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Protein Sci. 2017 Nov;26(11):2280-2290. doi: 10.1002/pro.3287. Epub 2017 Sep 27.

Identification of heteromolecular binding sites in transcription factors Sp1 and TAF4 using high-resolution nuclear magnetic resonance spectroscopy.

Author information

1
Graduate School of Pharmaceutical Sciences, Kyoto University, Kyoto, Sakyo-ku, 606-8501, Japan.
2
Research Reactor Institute, Kyoto University, Sennan-gun, Osaka, 590-0494, Japan.
3
Faculty of Pharmaceutical Sciences, Doshisha Women's University, Kyotanabe city, Kyoto, 610-0395, Japan.

Abstract

The expression of eukaryotic genes is precisely controlled by interactions between general transcriptional factors and promoter-specific transcriptional activators. The fourth element of TATA-box binding protein-associated factor (TAF4), an essential subunit of the general transcription factor TFIID, serves as a coactivator for various promoter-specific transcriptional regulators. Interactions between TAF4 and site-specific transcriptional activators, such as Sp1, are important for regulating the expression levels of genes of interest. However, only limited information is available on the molecular mechanisms underlying the interactions between these transcriptional regulatory proteins. We herein analyzed the interaction between the transcriptional factors Sp1 and TAF4 using high-resolution solution nuclear magnetic resonance spectroscopy. We found that four glutamine-rich (Q-rich) regions in TAF4 were largely disordered under nearly physiological conditions. Among them, the first Q-rich region in TAF4 was essential for the interaction with another Q-rich region in the Sp1 molecule, most of which was largely disordered. The residues responsible for this interaction were specific and highly localized in a defined region within a range of 20-30 residues. Nevertheless, a detailed analysis of 13 C-chemical shift values suggested that no significant conformational change occurred upon binding. These results indicate a prominent and exceptional binding mode for intrinsically disordered proteins other than the well-accepted concept of "coupled folding and binding."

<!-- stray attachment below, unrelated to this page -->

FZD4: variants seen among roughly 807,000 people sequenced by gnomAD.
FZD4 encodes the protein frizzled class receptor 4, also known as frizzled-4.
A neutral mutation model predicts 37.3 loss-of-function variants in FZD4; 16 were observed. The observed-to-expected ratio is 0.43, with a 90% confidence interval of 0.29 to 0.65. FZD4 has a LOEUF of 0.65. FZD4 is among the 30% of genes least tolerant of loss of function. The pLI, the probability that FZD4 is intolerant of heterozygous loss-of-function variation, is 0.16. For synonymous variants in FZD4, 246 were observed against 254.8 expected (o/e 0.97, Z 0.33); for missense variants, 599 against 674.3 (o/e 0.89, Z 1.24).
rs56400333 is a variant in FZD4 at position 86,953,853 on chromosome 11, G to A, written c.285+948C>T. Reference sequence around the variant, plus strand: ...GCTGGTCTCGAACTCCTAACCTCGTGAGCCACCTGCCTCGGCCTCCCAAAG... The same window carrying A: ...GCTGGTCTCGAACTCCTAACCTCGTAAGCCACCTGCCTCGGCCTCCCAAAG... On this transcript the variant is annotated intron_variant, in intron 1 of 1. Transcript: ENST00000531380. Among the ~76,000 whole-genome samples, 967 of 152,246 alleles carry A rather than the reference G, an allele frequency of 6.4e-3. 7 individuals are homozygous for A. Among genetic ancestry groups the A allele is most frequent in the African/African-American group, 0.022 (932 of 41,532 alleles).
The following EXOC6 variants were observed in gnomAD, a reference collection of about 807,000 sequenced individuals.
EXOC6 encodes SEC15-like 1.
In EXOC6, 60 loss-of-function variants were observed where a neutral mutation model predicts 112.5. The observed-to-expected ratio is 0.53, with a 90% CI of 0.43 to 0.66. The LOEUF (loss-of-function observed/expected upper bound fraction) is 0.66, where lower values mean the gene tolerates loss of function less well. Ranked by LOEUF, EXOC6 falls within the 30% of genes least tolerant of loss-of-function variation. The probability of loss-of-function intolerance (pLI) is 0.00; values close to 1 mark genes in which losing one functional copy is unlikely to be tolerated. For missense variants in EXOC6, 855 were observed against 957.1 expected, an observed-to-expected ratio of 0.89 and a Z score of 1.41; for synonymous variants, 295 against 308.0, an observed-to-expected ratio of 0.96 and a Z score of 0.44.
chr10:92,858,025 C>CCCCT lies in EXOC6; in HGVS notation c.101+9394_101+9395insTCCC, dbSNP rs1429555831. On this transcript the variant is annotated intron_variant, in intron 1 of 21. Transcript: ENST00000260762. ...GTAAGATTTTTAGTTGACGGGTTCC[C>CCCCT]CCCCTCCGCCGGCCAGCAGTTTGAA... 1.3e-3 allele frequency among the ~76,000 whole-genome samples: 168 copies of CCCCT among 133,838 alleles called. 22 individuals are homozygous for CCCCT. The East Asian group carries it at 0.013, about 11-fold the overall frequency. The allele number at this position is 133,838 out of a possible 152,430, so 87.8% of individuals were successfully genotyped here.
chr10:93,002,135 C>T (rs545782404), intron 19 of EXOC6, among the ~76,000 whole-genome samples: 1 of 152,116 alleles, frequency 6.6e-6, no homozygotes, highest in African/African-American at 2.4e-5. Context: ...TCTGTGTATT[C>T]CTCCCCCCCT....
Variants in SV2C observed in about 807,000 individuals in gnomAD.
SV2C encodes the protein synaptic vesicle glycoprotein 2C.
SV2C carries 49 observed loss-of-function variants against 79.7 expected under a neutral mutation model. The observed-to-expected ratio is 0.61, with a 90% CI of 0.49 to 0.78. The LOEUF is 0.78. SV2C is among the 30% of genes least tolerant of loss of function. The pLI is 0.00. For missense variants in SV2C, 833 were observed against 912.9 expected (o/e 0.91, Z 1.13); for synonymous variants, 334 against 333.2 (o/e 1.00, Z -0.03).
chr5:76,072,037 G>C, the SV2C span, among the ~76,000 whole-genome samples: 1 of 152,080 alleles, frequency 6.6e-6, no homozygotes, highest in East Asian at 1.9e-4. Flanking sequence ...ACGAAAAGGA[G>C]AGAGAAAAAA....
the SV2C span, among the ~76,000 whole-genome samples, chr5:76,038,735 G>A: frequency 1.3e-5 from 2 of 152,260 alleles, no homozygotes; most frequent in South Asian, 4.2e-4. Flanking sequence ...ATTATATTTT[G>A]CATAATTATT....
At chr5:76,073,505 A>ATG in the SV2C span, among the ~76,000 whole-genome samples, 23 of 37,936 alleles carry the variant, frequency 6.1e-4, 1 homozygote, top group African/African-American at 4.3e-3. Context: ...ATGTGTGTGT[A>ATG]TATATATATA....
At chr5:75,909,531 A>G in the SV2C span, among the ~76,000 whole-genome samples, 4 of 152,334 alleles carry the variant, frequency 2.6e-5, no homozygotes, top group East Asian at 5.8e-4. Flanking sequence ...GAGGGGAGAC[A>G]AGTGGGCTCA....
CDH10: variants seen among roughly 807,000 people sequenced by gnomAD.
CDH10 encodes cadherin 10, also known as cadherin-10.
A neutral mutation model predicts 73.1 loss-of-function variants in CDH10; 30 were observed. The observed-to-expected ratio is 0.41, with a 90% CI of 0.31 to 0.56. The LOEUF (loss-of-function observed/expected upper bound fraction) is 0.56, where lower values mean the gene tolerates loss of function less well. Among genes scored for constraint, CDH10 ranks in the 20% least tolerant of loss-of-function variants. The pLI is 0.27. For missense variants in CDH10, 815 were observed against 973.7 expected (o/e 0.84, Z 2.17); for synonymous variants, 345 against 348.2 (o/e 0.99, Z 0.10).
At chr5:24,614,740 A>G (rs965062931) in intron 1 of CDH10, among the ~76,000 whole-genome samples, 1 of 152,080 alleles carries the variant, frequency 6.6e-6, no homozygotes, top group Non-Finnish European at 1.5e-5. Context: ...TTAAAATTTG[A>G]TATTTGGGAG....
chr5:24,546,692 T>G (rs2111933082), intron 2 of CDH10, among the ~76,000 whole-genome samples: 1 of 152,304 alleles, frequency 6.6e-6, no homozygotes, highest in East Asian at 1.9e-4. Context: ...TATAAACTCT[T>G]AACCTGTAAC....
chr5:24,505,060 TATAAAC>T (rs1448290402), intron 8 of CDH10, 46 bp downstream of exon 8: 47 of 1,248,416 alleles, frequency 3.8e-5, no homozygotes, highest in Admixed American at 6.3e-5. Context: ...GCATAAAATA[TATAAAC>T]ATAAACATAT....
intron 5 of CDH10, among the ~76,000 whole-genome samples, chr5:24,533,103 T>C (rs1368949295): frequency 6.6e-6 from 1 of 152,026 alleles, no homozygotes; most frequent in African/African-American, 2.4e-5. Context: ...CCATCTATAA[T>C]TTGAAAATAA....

KEYWORDS:

coupled folding and binding; intrinsically disordered proteins; molecular interaction; nuclear magnetic resonance; transcriptional factor

PMID:
28857320
PMCID:
PMC5654864
DOI:
10.1002/pro.3287
[Indexed for MEDLINE]
Free PMC Article

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